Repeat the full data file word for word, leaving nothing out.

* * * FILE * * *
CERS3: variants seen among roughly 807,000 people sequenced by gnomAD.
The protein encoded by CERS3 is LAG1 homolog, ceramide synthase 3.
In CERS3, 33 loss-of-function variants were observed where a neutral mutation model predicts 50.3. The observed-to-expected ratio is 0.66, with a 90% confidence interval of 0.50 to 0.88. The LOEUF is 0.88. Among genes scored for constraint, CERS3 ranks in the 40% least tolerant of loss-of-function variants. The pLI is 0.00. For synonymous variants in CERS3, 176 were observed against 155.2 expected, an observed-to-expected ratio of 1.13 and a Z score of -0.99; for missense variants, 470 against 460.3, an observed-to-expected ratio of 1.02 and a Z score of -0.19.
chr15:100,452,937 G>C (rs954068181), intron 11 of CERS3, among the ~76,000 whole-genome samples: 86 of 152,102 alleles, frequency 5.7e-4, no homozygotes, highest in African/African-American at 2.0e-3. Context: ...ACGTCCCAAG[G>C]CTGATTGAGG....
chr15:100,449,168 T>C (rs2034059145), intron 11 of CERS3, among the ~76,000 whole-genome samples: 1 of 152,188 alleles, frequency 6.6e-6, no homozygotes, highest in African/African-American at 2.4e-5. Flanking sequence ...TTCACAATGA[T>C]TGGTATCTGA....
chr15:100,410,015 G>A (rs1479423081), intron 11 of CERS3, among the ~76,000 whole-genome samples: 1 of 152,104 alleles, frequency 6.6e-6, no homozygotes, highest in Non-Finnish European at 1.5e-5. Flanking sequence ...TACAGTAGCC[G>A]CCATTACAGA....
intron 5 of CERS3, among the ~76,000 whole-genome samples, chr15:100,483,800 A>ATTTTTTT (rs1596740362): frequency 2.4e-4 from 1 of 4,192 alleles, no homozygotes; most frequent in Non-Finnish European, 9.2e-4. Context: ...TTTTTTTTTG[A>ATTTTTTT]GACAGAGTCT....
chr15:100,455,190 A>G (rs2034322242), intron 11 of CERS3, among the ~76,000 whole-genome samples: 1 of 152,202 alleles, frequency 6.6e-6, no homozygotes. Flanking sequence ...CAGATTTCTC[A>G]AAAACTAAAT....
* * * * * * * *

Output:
CERS3: variants seen among roughly 807,000 people sequenced by gnomAD.
The protein encoded by CERS3 is LAG1 homolog, ceramide synthase 3.
In CERS3, 33 loss-of-function variants were observed where a neutral mutation model predicts 50.3. The observed-to-expected ratio is 0.66, with a 90% confidence interval of 0.50 to 0.88. The LOEUF is 0.88. Among genes scored for constraint, CERS3 ranks in the 40% least tolerant of loss-of-function variants. The pLI is 0.00. For synonymous variants in CERS3, 176 were observed against 155.2 expected, an observed-to-expected ratio of 1.13 and a Z score of -0.99; for missense variants, 470 against 460.3, an observed-to-expected ratio of 1.02 and a Z score of -0.19.
chr15:100,452,937 G>C (rs954068181), intron 11 of CERS3, among the ~76,000 whole-genome samples: 86 of 152,102 alleles, frequency 5.7e-4, no homozygotes, highest in African/African-American at 2.0e-3. Context: ...ACGTCCCAAG[G>C]CTGATTGAGG....
chr15:100,449,168 T>C (rs2034059145), intron 11 of CERS3, among the ~76,000 whole-genome samples: 1 of 152,188 alleles, frequency 6.6e-6, no homozygotes, highest in African/African-American at 2.4e-5. Flanking sequence ...TTCACAATGA[T>C]TGGTATCTGA....
chr15:100,410,015 G>A (rs1479423081), intron 11 of CERS3, among the ~76,000 whole-genome samples: 1 of 152,104 alleles, frequency 6.6e-6, no homozygotes, highest in Non-Finnish European at 1.5e-5. Flanking sequence ...TACAGTAGCC[G>A]CCATTACAGA....
intron 5 of CERS3, among the ~76,000 whole-genome samples, chr15:100,483,800 A>ATTTTTTT (rs1596740362): frequency 2.4e-4 from 1 of 4,192 alleles, no homozygotes; most frequent in Non-Finnish European, 9.2e-4. Context: ...TTTTTTTTTG[A>ATTTTTTT]GACAGAGTCT....
chr15:100,455,190 A>G (rs2034322242), intron 11 of CERS3, among the ~76,000 whole-genome samples: 1 of 152,202 alleles, frequency 6.6e-6, no homozygotes. Flanking sequence ...CAGATTTCTC[A>G]AAAACTAAAT....